I agree with this argument (to a degree), as we have all become more familiar with pictures of the holocaust, world war one and two, Vietnam, Cambodia, etc.  These photos all begin to take on a similar image in our minds and unless they are able to touch us on a more personal level such as somewhere where we have lived, people we have known, children like our own, etc. then the new images that we see on a daily bases won’t necessarily move us as perhaps they are intended.  However, exceptions to this are events that are extremely dramatic and rare such as the events of 911 in New York.  However, I personally liken this type of photographic genre to be similar to Hollywood’s horror movies that have to keep finding new ideas for even gorier and stomach churning stories and images in order to keep providing the audiences with a feeling of shock and horror for which they are demanding.  We now need to see something very extraordinary in a picture to effect us like that of Sontag’s experience or of many of us with 911. I refer to an experience that can be identified as how we were before and how we were after.

Abigail Solomon-Godeau’s 1994 essay, ‘Inside/Out’

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http://aperture.org/shop/books/nan-goldin-ballad

– Published in the book ‘Public Information, Desire, Disaster Document’, Edited by Kara Kirk, Published by San-Francesco Museum for Modern Art. – In Solomon-Godeau’s essay she argues that there are two types of documentary photography, Inside and Out.

The first are of images taken by a photographer who is involved and a part of the subject matter ‘an insider’. She gives as an example of this type of photography as taken by Nan Goldin with her photographic work entitled “Ballard of Sexual Dependency” a collection of photographs documenting her stormy relationship with her boyfriend with candid shots of both her and her boyfriend together. Clearly she had kept her camera with her all the time; so her boyfriend appears to be behaving naturally as if the camera isn’t there.  Her project, ‘The Other Side’, Goldin used this same ‘insider’ technique with her transsexual friends, living with these people she was able to photograph them in normally very private moments.  Despite the closeness of the subject matter Goldin felt that the camera still leaves something out of the image something that a mere machine can not capture.  “If it were possible, I’d want no mechanism between me and the moment of photographing.”  Solomon-Godeau acknowledges, “that both of these works can be considered as exemplary of the insider position.” However, with regards to ‘The Other Side’ Solomon-Godeau questions, “how does the insider position determine the reception of these images or even the nature of the content?”  Solomon-Godeau goes on to reason that for example to photos of her friends dressing / undressing, indicating the intimate relationship the photographer has with the subject, ‘has a specific valency with respect to cross-dressing and transvestism’.  In other words these images can be read as either identities, roles, masquerades or “third genders”, as the title of “drag queen” or “transvestite” suggests a transforming through dressing-up.’  These images record moments in that transformation from male to extravagant fantasy, Hollywood style femininity and glamour, documenting a ritual that is itself about exteriority, appearance, performance. Solomon-Godeau points out, ‘that the very presence of a camera as they dress or undress, make love or bathe – instates a third term, even as the photographer wishes disavow it.’ – ‘The photographers own eyes is inevitably frustrated by the very mechanism of the camera – which cannot penetrate beyond that which is simply, there’.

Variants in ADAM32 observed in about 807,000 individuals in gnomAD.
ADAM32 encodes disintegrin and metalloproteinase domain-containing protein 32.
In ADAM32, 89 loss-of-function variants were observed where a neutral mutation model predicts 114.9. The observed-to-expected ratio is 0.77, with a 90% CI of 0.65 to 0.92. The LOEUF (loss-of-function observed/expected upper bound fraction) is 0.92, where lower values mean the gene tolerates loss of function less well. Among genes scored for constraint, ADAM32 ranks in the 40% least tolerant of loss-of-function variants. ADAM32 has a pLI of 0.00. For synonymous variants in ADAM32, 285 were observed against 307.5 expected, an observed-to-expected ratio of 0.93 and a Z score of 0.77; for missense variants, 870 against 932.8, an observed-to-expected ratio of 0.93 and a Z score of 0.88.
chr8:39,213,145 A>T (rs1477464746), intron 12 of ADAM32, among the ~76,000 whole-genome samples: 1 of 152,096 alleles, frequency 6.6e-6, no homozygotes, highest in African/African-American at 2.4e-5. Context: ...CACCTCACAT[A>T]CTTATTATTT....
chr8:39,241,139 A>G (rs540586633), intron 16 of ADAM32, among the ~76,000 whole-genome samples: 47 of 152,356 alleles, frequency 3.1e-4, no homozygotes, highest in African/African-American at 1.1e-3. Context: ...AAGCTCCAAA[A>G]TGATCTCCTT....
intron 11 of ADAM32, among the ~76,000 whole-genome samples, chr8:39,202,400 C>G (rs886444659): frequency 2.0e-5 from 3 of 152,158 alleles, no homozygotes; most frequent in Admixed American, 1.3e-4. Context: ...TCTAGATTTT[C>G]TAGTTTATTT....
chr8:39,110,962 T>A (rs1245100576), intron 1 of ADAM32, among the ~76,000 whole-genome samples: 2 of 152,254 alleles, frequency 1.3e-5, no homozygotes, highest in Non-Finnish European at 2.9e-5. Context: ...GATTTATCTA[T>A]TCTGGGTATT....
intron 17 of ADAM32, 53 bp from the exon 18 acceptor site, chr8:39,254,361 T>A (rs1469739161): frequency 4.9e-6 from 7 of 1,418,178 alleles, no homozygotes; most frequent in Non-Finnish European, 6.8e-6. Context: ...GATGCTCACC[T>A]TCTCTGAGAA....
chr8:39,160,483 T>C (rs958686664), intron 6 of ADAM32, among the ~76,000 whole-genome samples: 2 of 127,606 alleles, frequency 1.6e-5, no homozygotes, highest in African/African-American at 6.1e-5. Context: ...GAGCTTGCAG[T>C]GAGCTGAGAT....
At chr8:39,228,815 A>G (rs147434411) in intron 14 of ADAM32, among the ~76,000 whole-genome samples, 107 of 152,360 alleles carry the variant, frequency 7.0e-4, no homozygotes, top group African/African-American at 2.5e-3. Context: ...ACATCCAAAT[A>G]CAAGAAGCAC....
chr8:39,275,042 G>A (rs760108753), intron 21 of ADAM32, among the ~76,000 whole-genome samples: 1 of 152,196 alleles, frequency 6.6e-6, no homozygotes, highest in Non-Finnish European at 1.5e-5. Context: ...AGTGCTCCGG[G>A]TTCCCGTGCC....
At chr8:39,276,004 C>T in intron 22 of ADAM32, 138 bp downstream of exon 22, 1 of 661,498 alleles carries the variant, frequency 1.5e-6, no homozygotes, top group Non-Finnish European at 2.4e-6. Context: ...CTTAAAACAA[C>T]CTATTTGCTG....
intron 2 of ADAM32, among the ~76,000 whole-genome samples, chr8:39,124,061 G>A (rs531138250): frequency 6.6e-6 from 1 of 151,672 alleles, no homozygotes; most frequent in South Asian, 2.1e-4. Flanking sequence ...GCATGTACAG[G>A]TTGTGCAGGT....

nan_goldin17

http://www.bing.com/images/search?q=Nan+Goldin+Pictures&view=detailv2&&id=1A7350AA546623EAA4AEEB1ACDA67B6DA6BF9E3F&selectedIndex=29&ccid=ofNUutLI&simid=608036300484707580&thid=OIP.Ma1f354bad2c8691a171908b85b82182co0&ajaxhist=0

 

diane_arbus8

http://www.bing.com/images/search?q=Diane+Arbus+Photographer&view=detailv2&id=C6BD79CC704275DCB63C50A3E749A586DD93C6E5&selectedindex=78&ccid=ZfmE1hjA&simid=607996254197056365&thid=OIP.M65f984d618c069f365e323c219362afco0&mode=overlay&first=1

The second – Out, is documentary photographs taken by an outsider, amongst the photographers Solomon-Godeau refers to is Arbus, who photographed social and physical deviants in a way that prevented compassionate involvement. Susan Sontag described Arbus’ work as morbid voyeurism and Sontage uses Arbus as an example of photographs taken from the outside, ‘On Photography’. America Seen Through Photographs, Darkly’.

I personally don’t think that you need to be on the inside to produce a successful documentary project; but you do need close co-operation with those that are in ‘the inside’ in order for your work to imply any insight to the subject matter. I would simply refer anyone to a scientific documentary show such as BBC’s Horizon or reading a magazine journal such as ‘The Economist’, or trade journals.